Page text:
Sanders’ proposal (like Rep. John Conyers’ bill in the U.S. House) will cut the health care costs paid by typical working families from some $6,200 a year to $466. It’ll also cut out the complexity and stress of getting the care you need — just go to any private doctor you choose, show your public insurance card and — Bingo — you’re in! No more co-pays, deductibles or fighting with corporate insurance bureaucrats trying to keep you out.
President Trump is poised to punish 12 million Americans getting health care through Obamacare’s non-group policies by raising their premiums 15 percent in 2018. That’s the conclusion of a report released Thursday by the Congressional Budget Office/Joint Committee on Taxation on the impact of Trump’s refusal to say if the federal government will pay the Affordable Care Act’s subsidies in 2018.
With 16 Democratic senators beside him, Sen. Bernie Sanders, I-VT, introduced Medicare-for-All legislation on Wednesday, sending a message to Congress that ongoing GOP efforts to cut healthcare safety nets is unacceptable and setting a high visionary bar for 2018’s candidates and national elections.
“Unless something changes, which I’m [still] hoping, this confirms the two nastiest judgments of critics of single-payer,” said Gerald Friedman, a University of Massachusetts economist and expert on financing universal healthcare coverage. “The liberals are saying, ‘The single-payer community doesn’t know how to do policy, so they need to come to us, the wonks, and we’ll tell them how to do it’—and in the process, we won’t do single payer, we’ll do something else. And the conservatives who say, ‘Single payer will be so expensive that even its supporters are scared to talk about how much it will cost and how much it will raise your taxes.’”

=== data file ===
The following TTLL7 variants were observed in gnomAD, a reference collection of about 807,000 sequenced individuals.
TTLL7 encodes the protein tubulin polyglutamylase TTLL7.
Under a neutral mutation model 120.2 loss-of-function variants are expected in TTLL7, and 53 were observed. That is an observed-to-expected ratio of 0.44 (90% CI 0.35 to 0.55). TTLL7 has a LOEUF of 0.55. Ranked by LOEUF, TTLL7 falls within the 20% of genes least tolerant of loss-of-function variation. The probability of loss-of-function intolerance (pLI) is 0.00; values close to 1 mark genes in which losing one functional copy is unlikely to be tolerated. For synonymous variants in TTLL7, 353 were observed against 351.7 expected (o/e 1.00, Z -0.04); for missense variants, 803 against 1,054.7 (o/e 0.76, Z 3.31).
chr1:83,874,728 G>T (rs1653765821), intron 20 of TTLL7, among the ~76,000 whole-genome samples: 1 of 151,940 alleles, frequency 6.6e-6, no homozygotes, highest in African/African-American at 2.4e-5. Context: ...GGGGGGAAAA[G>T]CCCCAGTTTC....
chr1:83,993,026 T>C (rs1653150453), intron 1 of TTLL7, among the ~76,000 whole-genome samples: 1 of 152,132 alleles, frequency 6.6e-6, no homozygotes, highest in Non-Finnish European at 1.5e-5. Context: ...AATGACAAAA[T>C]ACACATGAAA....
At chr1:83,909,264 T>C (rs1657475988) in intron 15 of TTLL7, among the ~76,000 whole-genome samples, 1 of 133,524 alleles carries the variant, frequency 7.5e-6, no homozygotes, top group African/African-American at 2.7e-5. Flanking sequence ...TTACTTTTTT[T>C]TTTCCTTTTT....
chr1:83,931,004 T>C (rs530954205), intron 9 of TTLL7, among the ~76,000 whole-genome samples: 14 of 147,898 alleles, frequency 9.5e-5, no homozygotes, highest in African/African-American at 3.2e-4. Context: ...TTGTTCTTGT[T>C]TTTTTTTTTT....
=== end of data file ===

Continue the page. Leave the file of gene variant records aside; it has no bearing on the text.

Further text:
The Cannabis World Congress and Business Exposition had selected the white-haired provocatuer to address the two pot business conferences after Stone came out for pot legalization early this summer. But Stone’s pro-legalization stance wasn’t enough to protect him from charges of racism, misogyny and being too close to Trump, who rode his own racist dog whistles to the White House.
Warren is the second Democratic senator to co-sponsor Sanders’ as-yet-unseen bill, following California’s junior senator, Kamala Harris. Warren’s letter describes many well-known steps long suggested by progressives that could be taken to reduce health care costs and increase access. But it does not offer any new details on what’s being labeled, in bumper-sticker fashion, “Medicare for All.”
Sen. John McCain, whose vote stopped the Senate’s effort to gut Obamacare and dismantle state-run Medicaid programs for the poor, is now poised to vote yes on an equally destructive bill, according to reports circulating among health policy analysts. “McCain says he supports Graham-Cassidy healthcare bill. Would vote for it,” tweeted Pete Sullivan, staff writer for The Hill, on Wednesday.
Maternity care is disappearing from America’s rural counties, and for the 28 million women of reproductive age living in those areas, pregnancy and childbirth are becoming more complicated — and more dangerous. That’s the upshot of a new report from the Rural Health Research Center at the University of Minnesota that examined obstetric services in the nation’s 1,984 rural counties over a 10-year period. In 2004, 45 percent of rural counties had no hospitals with obstetric services; by 2014, that figure had jumped to 54 percent. The decline was greatest in heavily black counties and in states with the strictest eligibility rules for Medicaid.